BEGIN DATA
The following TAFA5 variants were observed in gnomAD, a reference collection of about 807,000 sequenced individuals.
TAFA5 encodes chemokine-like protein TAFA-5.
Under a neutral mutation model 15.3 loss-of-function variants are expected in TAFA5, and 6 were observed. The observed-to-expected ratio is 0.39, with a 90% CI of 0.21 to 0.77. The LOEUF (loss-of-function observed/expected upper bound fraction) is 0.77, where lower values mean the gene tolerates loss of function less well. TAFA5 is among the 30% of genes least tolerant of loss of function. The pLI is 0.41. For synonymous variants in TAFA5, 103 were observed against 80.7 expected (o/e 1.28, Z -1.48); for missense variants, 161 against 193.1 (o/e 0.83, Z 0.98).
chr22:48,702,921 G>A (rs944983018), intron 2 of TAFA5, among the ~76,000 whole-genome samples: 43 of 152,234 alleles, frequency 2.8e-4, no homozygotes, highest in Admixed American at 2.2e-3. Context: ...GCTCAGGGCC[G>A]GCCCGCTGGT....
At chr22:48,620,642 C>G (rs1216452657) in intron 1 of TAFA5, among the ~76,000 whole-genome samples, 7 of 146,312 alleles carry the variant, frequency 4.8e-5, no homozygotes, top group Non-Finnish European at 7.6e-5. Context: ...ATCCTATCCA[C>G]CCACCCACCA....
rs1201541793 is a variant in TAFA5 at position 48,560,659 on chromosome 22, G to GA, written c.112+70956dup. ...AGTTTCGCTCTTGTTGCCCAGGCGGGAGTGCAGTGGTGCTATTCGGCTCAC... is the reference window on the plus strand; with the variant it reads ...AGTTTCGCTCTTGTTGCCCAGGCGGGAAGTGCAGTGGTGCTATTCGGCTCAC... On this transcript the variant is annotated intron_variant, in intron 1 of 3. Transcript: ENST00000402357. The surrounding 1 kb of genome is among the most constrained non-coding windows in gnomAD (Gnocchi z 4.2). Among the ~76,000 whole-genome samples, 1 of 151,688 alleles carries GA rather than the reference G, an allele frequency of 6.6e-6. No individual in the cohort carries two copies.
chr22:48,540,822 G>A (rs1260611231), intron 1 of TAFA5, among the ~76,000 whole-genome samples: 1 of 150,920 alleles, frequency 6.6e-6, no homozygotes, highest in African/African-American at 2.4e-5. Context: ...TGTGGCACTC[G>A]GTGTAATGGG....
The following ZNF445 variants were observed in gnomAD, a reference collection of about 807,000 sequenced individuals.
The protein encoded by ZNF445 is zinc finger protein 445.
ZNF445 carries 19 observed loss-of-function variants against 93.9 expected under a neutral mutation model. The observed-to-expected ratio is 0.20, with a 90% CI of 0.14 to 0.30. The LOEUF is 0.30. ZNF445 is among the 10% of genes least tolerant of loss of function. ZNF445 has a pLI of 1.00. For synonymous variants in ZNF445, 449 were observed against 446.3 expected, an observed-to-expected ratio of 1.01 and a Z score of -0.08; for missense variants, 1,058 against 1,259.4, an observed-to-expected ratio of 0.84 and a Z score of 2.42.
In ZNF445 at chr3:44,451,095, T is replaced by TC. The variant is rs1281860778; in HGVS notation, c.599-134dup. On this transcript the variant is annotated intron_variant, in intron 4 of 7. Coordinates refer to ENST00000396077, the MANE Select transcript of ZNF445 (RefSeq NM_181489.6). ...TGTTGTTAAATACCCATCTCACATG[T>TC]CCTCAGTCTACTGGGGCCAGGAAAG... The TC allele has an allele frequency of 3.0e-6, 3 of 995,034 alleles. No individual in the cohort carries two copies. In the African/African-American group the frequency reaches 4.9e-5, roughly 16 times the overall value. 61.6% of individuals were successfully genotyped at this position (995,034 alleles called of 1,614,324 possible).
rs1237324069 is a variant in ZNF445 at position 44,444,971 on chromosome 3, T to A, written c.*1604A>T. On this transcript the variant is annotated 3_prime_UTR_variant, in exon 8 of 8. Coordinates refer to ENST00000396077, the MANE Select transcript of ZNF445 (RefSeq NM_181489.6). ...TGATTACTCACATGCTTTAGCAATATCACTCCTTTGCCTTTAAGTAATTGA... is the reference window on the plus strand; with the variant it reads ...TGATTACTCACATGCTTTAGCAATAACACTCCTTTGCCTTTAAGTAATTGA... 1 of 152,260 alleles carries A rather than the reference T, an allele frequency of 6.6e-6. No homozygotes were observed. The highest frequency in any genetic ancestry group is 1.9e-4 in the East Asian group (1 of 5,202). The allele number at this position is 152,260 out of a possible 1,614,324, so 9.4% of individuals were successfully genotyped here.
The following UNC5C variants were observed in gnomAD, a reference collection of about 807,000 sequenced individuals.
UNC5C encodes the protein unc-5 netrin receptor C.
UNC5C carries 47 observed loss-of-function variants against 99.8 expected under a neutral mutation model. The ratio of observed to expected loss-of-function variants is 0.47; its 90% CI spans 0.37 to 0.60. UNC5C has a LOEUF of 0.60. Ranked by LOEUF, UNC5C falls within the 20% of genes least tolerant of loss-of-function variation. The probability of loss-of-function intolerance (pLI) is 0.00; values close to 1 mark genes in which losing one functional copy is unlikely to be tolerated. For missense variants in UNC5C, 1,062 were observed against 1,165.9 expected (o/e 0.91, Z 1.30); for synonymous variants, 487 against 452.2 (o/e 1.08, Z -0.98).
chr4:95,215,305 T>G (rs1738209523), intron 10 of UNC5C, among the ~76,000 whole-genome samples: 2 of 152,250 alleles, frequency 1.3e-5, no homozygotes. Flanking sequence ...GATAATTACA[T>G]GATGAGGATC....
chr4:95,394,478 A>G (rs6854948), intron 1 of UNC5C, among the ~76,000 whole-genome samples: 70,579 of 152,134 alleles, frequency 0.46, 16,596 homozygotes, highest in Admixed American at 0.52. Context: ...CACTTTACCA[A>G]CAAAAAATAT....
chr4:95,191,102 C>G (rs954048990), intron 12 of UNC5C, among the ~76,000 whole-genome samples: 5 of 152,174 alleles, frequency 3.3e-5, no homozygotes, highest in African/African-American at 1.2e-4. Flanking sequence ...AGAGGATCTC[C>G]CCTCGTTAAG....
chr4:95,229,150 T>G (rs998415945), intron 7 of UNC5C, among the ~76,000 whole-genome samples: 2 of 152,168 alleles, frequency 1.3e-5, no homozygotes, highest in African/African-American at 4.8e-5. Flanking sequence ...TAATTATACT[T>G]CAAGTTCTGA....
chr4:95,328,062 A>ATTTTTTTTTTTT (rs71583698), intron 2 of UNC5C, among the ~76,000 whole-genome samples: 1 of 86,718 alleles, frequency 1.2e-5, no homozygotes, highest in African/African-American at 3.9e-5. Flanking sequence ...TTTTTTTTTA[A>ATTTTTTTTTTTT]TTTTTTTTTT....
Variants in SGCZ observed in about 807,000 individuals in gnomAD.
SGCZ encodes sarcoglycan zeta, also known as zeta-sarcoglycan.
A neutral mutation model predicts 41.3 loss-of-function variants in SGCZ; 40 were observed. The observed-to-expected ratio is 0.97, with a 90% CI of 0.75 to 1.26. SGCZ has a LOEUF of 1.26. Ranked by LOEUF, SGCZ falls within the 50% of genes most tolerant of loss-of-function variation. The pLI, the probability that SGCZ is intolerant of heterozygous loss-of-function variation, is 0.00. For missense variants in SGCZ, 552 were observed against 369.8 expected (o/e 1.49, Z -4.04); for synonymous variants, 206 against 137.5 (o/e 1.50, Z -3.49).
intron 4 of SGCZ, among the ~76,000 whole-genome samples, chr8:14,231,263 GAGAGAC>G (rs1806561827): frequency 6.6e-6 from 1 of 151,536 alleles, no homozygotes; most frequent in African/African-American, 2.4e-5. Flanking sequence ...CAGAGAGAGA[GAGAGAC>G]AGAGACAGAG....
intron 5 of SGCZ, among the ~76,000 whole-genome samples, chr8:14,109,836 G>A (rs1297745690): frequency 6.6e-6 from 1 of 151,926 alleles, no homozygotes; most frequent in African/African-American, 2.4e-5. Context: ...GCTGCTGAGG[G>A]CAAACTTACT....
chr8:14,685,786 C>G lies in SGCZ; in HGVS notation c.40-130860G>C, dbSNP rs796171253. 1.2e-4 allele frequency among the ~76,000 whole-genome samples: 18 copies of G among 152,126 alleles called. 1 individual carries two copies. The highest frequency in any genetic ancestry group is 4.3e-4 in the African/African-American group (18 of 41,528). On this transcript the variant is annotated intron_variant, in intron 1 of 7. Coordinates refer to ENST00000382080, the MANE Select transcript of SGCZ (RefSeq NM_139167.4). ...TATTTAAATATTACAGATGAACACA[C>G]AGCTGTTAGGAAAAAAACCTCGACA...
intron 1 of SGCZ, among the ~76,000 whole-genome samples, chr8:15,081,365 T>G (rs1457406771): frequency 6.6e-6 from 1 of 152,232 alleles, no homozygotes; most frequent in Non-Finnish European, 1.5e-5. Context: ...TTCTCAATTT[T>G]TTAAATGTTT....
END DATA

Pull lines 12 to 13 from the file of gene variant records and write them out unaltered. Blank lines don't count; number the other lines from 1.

rs1237324069 is a variant in ZNF445 at position 44,444,971 on chromosome 3, T to A, written c.*1604A>T. On this transcript the variant is annotated 3_prime_UTR_variant, in exon 8 of 8. Coordinates refer to ENST00000396077, the MANE Select transcript of ZNF445 (RefSeq NM_181489.6). ...TGATTACTCACATGCTTTAGCAATATCACTCCTTTGCCTTTAAGTAATTGA... is the reference window on the plus strand; with the variant it reads ...TGATTACTCACATGCTTTAGCAATAACACTCCTTTGCCTTTAAGTAATTGA... 1 of 152,260 alleles carries A rather than the reference T, an allele frequency of 6.6e-6. No homozygotes were observed. The highest frequency in any genetic ancestry group is 1.9e-4 in the East Asian group (1 of 5,202). The allele number at this position is 152,260 out of a possible 1,614,324, so 9.4% of individuals were successfully genotyped here.
The following UNC5C variants were observed in gnomAD, a reference collection of about 807,000 sequenced individuals.